The Nubians defined social status according to wealth and power. Those with great wealth became a higher social class. In early China, marked social status was given to the wise and knowledgeable. The rulers of China had connections with the religious aspects of the Chinese culture. In both cultures, the wise and powerful were given great social status, and were able to control the ways of the people.
Documents 1, 2, and 6 can all be grouped into the category pertaining to Nubian culture. Documents 1 and 2 both show the Egyptians' great excitement at the wealth coming out of Nubia. Document 1 illustrates the Nubians bringing gold to Egypt. As it was painted on an Egyptian tomb, it demonstrates the Egyptians' respect for the Nubians and their wealth. Document 2 tells of a pharaoh's excitement when he heard of the coming of a Nubian trader. This too shows their respect for even a mere trader, in regards to his exotic goods.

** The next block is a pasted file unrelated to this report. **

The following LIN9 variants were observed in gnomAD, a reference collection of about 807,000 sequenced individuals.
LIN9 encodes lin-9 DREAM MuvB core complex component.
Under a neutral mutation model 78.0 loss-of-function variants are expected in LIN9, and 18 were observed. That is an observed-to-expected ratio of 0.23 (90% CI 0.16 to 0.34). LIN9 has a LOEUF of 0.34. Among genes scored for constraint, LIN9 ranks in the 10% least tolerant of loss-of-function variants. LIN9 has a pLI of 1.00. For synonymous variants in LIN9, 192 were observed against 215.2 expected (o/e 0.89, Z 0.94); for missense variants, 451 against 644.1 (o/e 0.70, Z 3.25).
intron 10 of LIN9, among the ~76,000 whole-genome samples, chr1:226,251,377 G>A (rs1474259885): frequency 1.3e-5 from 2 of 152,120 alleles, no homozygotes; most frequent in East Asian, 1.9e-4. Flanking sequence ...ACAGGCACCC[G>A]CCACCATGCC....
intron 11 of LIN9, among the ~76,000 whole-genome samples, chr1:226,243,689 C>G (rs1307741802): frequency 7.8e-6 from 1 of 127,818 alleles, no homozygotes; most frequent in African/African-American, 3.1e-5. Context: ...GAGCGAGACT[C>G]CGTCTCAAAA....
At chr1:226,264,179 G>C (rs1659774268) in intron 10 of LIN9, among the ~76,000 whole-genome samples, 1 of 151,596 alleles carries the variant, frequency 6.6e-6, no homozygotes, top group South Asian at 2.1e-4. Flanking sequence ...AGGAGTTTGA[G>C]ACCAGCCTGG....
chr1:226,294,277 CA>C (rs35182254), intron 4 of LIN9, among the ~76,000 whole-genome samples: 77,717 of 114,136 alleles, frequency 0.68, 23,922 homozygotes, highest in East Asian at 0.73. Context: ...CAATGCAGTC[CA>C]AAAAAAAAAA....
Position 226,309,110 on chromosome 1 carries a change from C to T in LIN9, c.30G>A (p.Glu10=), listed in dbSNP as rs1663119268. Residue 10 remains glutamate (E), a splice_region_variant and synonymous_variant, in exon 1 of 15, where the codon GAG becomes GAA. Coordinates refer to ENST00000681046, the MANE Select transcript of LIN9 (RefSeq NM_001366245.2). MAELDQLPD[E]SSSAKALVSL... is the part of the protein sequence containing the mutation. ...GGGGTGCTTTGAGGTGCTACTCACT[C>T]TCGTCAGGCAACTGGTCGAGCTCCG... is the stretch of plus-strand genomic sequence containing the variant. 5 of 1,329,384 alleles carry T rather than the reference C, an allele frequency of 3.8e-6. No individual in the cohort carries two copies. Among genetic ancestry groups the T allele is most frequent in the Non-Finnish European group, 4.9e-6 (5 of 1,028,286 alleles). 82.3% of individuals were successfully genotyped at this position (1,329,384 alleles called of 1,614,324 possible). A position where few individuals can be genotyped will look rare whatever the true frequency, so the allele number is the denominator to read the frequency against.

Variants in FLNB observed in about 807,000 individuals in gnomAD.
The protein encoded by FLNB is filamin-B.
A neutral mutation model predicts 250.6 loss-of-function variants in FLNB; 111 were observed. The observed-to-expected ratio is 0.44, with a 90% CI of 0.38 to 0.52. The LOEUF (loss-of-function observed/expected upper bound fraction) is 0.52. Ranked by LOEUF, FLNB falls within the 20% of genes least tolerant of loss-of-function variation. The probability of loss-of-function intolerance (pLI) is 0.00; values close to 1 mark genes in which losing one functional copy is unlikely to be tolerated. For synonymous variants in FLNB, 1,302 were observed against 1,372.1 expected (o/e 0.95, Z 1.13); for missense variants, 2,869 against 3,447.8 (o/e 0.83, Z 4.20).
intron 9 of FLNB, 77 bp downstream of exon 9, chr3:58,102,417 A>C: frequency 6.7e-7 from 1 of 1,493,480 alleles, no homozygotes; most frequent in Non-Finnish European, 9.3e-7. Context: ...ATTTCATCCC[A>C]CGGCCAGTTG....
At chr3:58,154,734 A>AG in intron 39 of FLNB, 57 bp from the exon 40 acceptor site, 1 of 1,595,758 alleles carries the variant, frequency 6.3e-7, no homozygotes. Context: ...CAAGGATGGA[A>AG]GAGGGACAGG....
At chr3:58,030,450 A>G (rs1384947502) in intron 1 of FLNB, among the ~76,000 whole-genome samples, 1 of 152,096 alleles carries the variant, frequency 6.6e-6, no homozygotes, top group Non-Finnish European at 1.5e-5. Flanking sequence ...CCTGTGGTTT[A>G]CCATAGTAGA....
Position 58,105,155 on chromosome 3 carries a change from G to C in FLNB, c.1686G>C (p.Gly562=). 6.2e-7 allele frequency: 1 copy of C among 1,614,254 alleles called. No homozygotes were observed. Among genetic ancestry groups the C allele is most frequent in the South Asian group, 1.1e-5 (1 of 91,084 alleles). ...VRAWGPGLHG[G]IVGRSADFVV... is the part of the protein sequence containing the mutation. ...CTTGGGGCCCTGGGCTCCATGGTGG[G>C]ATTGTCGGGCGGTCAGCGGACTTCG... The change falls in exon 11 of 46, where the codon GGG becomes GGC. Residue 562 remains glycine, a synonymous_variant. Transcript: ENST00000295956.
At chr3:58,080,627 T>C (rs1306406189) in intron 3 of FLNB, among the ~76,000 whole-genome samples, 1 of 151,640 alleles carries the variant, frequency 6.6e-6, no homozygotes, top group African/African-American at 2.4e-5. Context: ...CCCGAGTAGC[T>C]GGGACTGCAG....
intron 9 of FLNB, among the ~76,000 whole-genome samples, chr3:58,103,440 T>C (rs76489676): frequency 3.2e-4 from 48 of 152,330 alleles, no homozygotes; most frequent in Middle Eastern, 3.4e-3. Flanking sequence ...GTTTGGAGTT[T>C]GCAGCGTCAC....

Both of these documents show the point of view of the Egyptian higher-class when dealing with the Nubians. Document 6 is from a Nubian architect's point of view, because it was sculpted in a temple. It portrays the effect Egyptians had on Nubian culture, because the royals in the image were wearing Egyptian clothing, even though the lion-head deity was Nubian. The architect obviously saw Egyptians as a source of great cultural influence.
Documents 3, 4, and 5 all have to do with Chinese culture, and can be grouped in that way. Documents 3 and 4 have images to aid in understanding the content. Document 3 shows that the elite class of the Chinese were those who could communicate with the spirits, and could perform rituals. Document 4 demonstrates that diviners could receive messages from...